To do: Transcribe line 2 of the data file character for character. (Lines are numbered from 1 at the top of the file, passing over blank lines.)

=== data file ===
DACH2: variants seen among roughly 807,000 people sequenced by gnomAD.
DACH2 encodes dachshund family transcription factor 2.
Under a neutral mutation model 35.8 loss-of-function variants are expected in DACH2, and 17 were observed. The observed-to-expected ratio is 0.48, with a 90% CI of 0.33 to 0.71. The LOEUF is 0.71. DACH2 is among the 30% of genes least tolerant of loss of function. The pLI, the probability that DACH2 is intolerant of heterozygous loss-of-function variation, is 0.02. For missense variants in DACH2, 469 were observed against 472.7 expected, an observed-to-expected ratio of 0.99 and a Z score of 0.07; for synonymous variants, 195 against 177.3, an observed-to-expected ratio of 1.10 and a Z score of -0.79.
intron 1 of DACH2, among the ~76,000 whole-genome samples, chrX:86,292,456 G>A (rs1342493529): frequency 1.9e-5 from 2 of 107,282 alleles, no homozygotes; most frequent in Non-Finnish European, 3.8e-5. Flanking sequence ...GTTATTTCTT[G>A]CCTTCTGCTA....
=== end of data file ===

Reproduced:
DACH2 encodes dachshund family transcription factor 2.